The city of Harlem is losing one of its leading citizens.
Harlem City Councilman Craig Brooks delivered his resignation Wednesday to Mayor Scott Dean and fellow council members to move to Knoxville, Tenn.
"My parents live in Knoxville and I'm in the middle of changing careers, so this just seemed like the right time to go," said Brooks.
"Basically, I want to be closer to my family and the job opportunities are better."
Brooks, 29, moved to Harlem in 1983 with his family and graduated from Harlem High School in 1991.
Photo by Jim Blaylock
He has been a member of the city council for the past 16 months and is active with Columbia County Republican Party.
He said he regrets leaving what he considers his hometown, but is confident that the city government will continue on just fine without him.
"My leaving should have minimal impact," he said. "The team they've got together is a great team. Changing one person won't change the dynamic of that team. I'm sure they'll pick somebody that has the best interest of the community at heart and can work with that team."
Dean said that he understands Brooks' decision to leave, but he agrees that Harlem will continue to run smoothly despite Brooks' absence. He said he's more upset about losing a good friend.
"The only family he has down here, really and truly, is the council," Dean said. "He eats more dinners at my house than he does anywhere else. (Harlem City Councilwoman Robin Root) is kind of like a surrogate mom to him. He's going to miss us, just like we're going to miss him."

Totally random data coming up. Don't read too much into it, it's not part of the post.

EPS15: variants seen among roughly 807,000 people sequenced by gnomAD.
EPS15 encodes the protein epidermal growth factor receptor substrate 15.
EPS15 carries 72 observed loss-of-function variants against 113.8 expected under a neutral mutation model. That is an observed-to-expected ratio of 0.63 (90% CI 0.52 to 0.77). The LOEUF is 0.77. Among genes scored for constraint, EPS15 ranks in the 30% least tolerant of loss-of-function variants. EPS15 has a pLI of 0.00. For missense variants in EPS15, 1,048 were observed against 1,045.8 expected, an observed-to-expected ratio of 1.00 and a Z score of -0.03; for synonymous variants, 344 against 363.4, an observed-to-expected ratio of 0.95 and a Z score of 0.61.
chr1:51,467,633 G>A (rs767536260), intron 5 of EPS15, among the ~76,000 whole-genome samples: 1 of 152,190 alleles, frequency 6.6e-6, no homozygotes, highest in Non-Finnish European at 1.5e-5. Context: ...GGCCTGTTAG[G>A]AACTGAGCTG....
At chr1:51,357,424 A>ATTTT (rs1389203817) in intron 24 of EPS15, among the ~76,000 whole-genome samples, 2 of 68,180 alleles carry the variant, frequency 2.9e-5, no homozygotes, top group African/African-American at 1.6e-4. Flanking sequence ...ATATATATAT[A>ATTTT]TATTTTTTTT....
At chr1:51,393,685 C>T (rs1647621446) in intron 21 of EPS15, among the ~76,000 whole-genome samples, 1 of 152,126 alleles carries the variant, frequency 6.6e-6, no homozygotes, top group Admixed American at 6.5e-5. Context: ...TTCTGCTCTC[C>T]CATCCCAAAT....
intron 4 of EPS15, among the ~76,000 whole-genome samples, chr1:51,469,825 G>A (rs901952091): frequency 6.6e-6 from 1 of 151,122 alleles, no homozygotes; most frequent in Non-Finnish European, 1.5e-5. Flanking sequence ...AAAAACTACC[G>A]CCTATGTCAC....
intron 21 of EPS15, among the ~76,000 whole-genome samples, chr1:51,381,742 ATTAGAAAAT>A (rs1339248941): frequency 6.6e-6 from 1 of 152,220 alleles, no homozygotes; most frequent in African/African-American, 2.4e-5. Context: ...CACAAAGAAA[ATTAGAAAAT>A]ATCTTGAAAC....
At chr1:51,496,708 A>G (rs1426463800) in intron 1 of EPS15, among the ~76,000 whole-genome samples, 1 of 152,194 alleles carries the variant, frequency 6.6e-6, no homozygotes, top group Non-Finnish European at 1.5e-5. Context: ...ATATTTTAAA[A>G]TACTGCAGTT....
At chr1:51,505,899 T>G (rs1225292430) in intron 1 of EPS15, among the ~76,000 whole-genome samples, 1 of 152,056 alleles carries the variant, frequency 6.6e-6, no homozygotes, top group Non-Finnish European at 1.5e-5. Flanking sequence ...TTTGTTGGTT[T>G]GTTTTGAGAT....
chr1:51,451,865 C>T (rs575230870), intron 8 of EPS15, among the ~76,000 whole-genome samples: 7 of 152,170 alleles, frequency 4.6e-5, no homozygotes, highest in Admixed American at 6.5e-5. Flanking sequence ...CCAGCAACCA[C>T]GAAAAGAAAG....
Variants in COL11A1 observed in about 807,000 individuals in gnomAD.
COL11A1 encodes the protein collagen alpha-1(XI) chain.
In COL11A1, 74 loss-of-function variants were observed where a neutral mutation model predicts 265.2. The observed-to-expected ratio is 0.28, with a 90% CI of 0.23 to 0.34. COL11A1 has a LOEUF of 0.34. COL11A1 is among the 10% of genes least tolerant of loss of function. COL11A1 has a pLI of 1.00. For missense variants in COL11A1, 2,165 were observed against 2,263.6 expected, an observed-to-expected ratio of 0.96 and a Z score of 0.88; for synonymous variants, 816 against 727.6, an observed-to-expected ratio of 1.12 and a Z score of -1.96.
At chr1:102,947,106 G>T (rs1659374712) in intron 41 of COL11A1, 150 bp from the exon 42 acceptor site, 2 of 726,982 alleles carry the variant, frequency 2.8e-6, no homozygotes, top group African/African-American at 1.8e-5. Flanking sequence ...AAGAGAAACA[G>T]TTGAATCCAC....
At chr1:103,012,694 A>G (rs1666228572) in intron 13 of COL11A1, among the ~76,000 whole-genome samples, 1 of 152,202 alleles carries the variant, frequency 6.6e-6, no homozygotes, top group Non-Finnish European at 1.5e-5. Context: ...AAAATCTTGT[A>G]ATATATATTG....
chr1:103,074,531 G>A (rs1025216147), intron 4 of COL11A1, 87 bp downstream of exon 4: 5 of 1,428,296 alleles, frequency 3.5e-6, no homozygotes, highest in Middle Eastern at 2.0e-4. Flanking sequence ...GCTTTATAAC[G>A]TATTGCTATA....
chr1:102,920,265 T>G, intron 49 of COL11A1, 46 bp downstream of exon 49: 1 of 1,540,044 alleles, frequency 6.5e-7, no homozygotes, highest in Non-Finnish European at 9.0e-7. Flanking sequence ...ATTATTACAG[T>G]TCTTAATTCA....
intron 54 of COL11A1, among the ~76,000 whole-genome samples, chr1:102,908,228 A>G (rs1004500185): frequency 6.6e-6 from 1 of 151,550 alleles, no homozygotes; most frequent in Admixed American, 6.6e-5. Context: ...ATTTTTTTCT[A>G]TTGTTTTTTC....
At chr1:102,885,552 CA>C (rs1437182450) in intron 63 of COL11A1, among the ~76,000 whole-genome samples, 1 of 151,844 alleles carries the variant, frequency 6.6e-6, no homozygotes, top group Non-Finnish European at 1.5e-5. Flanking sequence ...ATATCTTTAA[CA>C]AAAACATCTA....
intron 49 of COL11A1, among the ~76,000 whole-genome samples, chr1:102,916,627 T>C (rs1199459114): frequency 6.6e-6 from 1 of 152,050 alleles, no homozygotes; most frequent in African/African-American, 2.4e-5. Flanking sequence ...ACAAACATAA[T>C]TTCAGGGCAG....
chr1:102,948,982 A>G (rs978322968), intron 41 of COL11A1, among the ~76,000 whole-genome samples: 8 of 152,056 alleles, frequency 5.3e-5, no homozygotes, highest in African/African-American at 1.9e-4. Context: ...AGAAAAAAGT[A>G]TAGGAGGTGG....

When a vacancy is created on the city council, members will appoint someone to fill the seat and then vote on them at a council meeting.
The council is expected to officially accept Brooks' resignation at a meeting May 12. At that time, the council may vote on Brooks' replacement, or postpone that decision until the June 9 meeting, according to Dean.
Brooks is a former assembly technician and purchasing analyst for John Deere in Grovetown. He said he has been out of work for some time, but the opportunities in Knoxville look very promising for him.
"I've been in Knoxville for the past couple of weeks and interviewed with four different companies," he said. "I feel like I'm pretty close to getting something."
As far as a career in politics, Brooks said that he would prefer to remain behind the scenes for a while.
"I'll probably help out on local campaigns, but I don't see myself running for office again anytime in the near future," said Brooks. "I'm going to concentrate on my career and spending time with my family."
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